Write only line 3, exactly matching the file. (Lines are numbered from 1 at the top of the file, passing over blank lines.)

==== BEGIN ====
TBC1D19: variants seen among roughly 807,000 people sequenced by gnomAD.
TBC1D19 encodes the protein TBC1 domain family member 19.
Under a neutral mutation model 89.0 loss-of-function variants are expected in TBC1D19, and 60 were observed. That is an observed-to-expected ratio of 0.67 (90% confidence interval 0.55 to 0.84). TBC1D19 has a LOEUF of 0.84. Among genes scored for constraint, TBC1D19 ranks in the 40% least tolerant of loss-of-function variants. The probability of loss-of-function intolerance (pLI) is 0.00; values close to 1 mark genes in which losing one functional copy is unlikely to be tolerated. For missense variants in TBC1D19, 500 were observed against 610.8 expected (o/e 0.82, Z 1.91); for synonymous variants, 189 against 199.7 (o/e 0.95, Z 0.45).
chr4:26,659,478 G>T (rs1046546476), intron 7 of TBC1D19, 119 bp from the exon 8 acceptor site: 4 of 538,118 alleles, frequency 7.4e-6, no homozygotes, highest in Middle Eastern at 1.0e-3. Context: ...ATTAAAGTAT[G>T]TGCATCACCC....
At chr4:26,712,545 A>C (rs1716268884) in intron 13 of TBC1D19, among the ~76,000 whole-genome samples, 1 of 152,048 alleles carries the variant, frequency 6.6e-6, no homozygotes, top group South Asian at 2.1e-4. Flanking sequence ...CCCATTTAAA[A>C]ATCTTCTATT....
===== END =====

Under a neutral mutation model 89.0 loss-of-function variants are expected in TBC1D19, and 60 were observed. That is an observed-to-expected ratio of 0.67 (90% confidence interval 0.55 to 0.84). TBC1D19 has a LOEUF of 0.84. Among genes scored for constraint, TBC1D19 ranks in the 40% least tolerant of loss-of-function variants. The probability of loss-of-function intolerance (pLI) is 0.00; values close to 1 mark genes in which losing one functional copy is unlikely to be tolerated. For missense variants in TBC1D19, 500 were observed against 610.8 expected (o/e 0.82, Z 1.91); for synonymous variants, 189 against 199.7 (o/e 0.95, Z 0.45).